"This example may seem a bit crude, but it is one I use all the time," says McKean. "The song ‘Boulevard of Broken Dreams' opens with a tremolo guitar part played through an outboard FX box that Billie likes to use. The only problem was that the box's tremolo tempo couldn't be locked to Pro Tools' tempo accurately enough for us to use it."
To remedy the tempo lock problem after the fact, Doug copied the shape of the tremolo box's amplitude onto a master fader track by manually drawing in the level to match the box's waveform.
"We tracked the drums, built a quarter-note-accurate tempo map from the unedited drums, and then passed each tremolo swell automation to the new tempo map. This makes it sound as if it took us quite a while to do it, but it took only 15 or 20 minutes, and resulted in exactly what the band was looking for."
Pro Technique 2 — Improving layered vocal sweeps with Auto-Tune and VocALign
Many pop and R&B vocalists love to layer lots of doubled and harmony tracks on top of their lead vocal lines. Even the best singers, those capable of recreating virtually identical doubles with each pass, have a hard time doing so when the lead line includes a long downward or upward swooping bend of a word from one note pitch to another. McKean offers this simple two-step process for creating tighter, more natural-sounding sweeps.
"It's hard for even the best vocalists I work with to perfectly match the really long sweeps that take a while to go from one pitch to the next," he says. "All those layered vocals start to smear and sound weird. Auto-Tune can help, but if that's all you use to tighten up that many vocal tracks, especially in a longer sweep, it just doesn't sound as natural as it should."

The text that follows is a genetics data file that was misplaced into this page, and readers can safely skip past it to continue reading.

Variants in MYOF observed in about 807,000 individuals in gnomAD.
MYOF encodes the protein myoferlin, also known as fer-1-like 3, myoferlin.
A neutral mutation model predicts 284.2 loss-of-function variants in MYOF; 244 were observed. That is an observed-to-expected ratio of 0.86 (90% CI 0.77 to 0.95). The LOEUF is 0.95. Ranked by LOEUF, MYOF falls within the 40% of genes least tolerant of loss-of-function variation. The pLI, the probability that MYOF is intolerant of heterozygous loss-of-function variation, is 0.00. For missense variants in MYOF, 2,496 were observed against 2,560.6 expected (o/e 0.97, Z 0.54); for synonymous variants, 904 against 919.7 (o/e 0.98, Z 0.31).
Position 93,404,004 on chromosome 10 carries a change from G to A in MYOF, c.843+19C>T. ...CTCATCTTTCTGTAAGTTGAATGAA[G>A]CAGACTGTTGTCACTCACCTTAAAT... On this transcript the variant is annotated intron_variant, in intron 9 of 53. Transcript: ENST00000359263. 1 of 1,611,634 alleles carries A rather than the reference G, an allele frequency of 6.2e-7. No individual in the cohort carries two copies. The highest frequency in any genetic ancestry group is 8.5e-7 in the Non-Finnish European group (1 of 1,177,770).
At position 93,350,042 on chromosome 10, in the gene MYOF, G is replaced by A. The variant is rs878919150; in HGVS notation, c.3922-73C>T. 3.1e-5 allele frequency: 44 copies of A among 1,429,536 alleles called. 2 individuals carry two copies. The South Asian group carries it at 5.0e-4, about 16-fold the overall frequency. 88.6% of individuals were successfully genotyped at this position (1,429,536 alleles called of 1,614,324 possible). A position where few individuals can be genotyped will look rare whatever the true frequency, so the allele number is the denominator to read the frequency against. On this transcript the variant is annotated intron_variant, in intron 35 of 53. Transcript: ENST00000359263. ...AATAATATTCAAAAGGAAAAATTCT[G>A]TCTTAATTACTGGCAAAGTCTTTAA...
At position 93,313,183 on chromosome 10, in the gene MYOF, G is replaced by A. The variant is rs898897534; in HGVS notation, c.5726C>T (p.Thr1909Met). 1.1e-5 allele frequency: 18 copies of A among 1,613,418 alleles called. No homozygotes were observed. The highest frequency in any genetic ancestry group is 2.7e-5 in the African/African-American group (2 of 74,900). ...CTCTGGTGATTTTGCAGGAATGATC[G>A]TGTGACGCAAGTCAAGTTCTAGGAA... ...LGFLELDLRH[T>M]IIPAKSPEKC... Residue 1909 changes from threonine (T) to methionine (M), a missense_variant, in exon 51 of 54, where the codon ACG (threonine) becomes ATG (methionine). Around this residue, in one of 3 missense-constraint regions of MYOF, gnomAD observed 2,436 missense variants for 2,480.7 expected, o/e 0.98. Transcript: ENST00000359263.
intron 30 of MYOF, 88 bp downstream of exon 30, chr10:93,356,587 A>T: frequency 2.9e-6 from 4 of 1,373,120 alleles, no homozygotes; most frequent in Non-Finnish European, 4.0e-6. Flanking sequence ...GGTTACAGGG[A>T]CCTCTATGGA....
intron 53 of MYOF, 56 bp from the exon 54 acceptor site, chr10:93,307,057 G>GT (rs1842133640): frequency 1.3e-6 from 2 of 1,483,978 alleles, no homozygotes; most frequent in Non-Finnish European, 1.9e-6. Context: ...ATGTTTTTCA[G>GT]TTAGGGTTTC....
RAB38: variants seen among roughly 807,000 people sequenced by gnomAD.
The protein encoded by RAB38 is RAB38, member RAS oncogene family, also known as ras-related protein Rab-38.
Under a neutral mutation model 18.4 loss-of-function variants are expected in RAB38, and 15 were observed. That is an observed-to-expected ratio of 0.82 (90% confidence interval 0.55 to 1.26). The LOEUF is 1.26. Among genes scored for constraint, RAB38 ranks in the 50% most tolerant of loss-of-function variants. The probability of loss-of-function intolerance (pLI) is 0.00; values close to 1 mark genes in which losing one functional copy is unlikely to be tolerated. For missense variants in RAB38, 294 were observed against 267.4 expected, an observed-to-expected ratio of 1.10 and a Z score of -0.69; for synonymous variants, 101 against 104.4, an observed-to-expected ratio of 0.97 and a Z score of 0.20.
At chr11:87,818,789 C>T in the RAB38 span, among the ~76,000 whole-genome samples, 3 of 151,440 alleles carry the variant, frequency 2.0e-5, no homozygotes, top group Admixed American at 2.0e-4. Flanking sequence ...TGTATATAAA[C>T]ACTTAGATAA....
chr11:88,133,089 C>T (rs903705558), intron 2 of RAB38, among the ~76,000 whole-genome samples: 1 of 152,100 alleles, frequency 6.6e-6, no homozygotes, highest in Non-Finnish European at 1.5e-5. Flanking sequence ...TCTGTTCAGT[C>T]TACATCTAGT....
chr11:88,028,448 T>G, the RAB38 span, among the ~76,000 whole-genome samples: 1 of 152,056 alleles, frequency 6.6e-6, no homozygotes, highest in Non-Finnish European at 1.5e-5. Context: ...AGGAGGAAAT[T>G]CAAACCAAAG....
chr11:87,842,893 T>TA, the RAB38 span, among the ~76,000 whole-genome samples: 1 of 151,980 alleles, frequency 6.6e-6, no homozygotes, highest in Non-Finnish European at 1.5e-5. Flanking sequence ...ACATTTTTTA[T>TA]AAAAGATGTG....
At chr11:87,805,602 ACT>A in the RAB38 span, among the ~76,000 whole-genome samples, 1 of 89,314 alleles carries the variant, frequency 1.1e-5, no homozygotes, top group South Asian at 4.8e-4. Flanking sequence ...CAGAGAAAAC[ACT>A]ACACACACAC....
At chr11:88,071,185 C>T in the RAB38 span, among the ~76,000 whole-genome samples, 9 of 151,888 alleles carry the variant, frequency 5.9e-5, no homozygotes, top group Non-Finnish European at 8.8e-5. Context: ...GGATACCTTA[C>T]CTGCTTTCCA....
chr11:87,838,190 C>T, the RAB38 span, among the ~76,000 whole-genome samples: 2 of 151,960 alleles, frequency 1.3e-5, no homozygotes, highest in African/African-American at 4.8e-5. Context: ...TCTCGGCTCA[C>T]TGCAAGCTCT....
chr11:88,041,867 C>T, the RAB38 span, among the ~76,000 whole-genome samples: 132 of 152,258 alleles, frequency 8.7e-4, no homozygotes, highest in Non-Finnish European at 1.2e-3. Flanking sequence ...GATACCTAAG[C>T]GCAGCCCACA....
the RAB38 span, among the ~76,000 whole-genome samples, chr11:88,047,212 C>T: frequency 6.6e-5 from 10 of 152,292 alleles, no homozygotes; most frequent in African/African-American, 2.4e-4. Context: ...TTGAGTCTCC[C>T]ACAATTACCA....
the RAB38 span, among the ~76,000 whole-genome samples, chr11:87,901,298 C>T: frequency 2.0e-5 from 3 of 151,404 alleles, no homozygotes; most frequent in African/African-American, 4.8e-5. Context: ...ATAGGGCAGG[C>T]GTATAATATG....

"In Manual mode, I first highlight the main vocal line region where the sweep begins with Auto-Tune, analyze it, and then click on Make Vibrato Curve so that it traces and then draws the same curve. After taking Auto-Tune off the lead track's insert and sliding it over to the second track's insert, I move that curve selection down to the second vocal track and reanalyze it the same way. Now I impose that traced-out curve from the lead track to the second track, so I can see how far off the second track is from the first. At this point I'll adjust the Tracking knob down a little until the two parts are tracking well and I can see every single note there. That move isn't as vital as adjusting the Retune control knob."
Once he's applied the same steps to each succeeding vocal track in the layer, McKean then applies the Auto-Tune corrections to taste. The Retune control opens up at a default setting of 20, which to his ears is far too unnatural sounding.
"I begin by turning Retune to 30, and depending on the part, usually end up at 40 or 50," says McKean. "At 100 you can barely hear the Auto-Tune effect, and at zero it sounds like an over-the-top Cher type of effect."